Allegheny Mountain
Engine & Implement Association

Our History

 The purpose of the Men & Women of the AMEIA is to preserve & educate all those it can about the Antique Internal Combustion Engines, Tractors, Engines, and a variety of Implements & Equipment representing yesteryear.

History of the Allegheny Mountain Engine and Implement Association

The Allegheny Mountain Engine and Implement Association (AMEIA) was formed to preserve the past for future generations to enjoy. The organization was founded in 1975 by 29 charter members and has a membership of over 180 from the northern counties of Pennsylvania and the southern counties of New York, also known as the Twin Tiers.

It is not necessary to own antique engines or equipment to become a member of the association, only an interest in preserving and restoring old engines and implements.

Members own the equipment shown at various shows and demonstrations such as the AMEIA Annual Show which is held in July each year.

Members range in age from teenagers to folks in their eighties. Original founding members are: Lester Jordan, Paul and Florence Wandover, Ralph and Jean Wilson, Mike Fuoco and Herb Lamphier.

The association is family oriented. Monthly meetings are held at the grounds, except the pancake dinner in April and the Christmas dinner party in December. Many times during the warm weather months, the association has a 'gas up' at the monthly meeting.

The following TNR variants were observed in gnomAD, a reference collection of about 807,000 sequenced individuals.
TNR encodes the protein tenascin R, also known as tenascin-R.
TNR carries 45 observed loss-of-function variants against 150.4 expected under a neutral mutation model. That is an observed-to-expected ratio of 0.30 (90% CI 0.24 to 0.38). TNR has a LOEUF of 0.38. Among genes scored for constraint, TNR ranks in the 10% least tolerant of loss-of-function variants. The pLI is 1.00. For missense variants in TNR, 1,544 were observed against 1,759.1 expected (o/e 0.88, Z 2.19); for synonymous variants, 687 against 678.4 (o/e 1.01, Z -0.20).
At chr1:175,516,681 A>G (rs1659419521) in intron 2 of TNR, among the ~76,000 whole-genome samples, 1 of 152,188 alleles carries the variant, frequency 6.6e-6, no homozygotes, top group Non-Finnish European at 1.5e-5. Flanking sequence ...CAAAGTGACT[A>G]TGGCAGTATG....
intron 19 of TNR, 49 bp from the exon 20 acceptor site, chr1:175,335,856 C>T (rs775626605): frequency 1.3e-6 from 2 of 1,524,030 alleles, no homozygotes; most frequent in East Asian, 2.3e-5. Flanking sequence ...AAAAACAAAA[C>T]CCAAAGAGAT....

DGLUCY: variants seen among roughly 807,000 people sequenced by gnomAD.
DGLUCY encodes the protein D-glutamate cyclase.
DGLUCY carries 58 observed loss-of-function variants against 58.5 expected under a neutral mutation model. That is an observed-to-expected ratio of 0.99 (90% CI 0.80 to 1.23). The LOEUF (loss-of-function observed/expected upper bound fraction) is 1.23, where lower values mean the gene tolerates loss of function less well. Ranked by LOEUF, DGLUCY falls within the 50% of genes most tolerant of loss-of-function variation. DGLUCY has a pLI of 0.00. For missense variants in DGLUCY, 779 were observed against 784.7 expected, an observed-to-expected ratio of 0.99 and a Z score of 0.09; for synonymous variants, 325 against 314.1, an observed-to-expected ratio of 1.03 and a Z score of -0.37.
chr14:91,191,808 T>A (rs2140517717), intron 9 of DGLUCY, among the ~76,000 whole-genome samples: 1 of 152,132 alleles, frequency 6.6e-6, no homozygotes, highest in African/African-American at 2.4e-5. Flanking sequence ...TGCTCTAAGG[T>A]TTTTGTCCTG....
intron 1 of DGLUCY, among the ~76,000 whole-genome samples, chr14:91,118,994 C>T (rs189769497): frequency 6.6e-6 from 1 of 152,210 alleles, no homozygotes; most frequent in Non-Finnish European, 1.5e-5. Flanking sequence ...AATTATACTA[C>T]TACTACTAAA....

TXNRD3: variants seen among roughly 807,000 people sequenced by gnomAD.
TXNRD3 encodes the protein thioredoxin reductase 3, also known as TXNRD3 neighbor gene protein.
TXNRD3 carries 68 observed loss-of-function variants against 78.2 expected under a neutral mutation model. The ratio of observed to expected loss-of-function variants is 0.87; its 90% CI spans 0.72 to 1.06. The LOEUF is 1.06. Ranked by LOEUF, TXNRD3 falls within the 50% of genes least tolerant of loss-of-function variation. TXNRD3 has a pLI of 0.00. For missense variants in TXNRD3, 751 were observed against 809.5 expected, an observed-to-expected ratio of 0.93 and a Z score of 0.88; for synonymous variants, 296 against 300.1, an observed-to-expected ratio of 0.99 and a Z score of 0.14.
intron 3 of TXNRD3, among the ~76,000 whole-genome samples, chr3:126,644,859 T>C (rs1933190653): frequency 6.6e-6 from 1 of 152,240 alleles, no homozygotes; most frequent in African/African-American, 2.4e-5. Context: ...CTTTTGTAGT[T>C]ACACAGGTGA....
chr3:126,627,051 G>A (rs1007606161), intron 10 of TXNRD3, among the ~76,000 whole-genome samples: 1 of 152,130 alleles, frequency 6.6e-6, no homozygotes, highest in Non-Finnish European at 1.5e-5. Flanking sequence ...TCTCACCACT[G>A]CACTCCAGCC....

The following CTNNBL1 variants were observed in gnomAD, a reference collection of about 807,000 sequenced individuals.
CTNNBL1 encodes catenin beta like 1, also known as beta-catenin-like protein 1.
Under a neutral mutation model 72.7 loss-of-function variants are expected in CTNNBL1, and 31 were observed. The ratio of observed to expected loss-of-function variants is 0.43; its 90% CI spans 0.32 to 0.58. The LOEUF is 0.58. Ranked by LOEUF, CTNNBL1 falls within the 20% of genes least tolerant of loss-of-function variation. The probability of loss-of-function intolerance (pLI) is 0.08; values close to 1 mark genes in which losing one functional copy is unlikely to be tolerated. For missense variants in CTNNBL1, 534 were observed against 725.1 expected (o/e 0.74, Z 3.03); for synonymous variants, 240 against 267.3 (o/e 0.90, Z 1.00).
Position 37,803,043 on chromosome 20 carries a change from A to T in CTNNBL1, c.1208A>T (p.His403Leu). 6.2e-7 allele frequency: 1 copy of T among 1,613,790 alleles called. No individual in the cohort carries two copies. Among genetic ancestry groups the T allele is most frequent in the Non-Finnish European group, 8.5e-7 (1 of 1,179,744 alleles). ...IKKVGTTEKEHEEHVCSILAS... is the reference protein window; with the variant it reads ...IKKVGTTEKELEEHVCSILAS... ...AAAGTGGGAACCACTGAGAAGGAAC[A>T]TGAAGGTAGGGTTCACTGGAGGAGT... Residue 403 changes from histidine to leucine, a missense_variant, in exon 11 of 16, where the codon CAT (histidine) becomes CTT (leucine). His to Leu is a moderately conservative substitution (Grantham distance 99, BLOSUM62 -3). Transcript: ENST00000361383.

The Association's Interests Include Five Areas:
•Oil Field Apparatus
•Agriculture Implements
•Domestic Items - ranging from sewing machines to old washing machines
•Lumber Industry Equipment
•Road Building Equipment

Steam Powered Equipment WELCOMED! (Contact Club President)

The associations owns a number of pieces of equipment including:
•Franklin Valveless Engine
•Buffalo Engine
•Bessemer Gas-Kero Engine
•Hay Bailer
•Road Grader that needs to be pulled by a Tractor or Horse

Many items are donated, others are purchased and restored. Most members own at least one 'hit-and-miss' engine. Many members have quite extensive collections of engines and equipment.

The members restore the engines or implements, matching paint to the original colors and using replacement parts as close to the originals as possible. Many times a part must be made or machined to fit. Ogten during the warmer months members may be found working on equipment, always willing to talk about their machinery.

Most weekends there are shows somewhere in western New York, western Pennsylvania, or Ohio. Members also belong to other groups and show their equipment many times during the show season from May to October.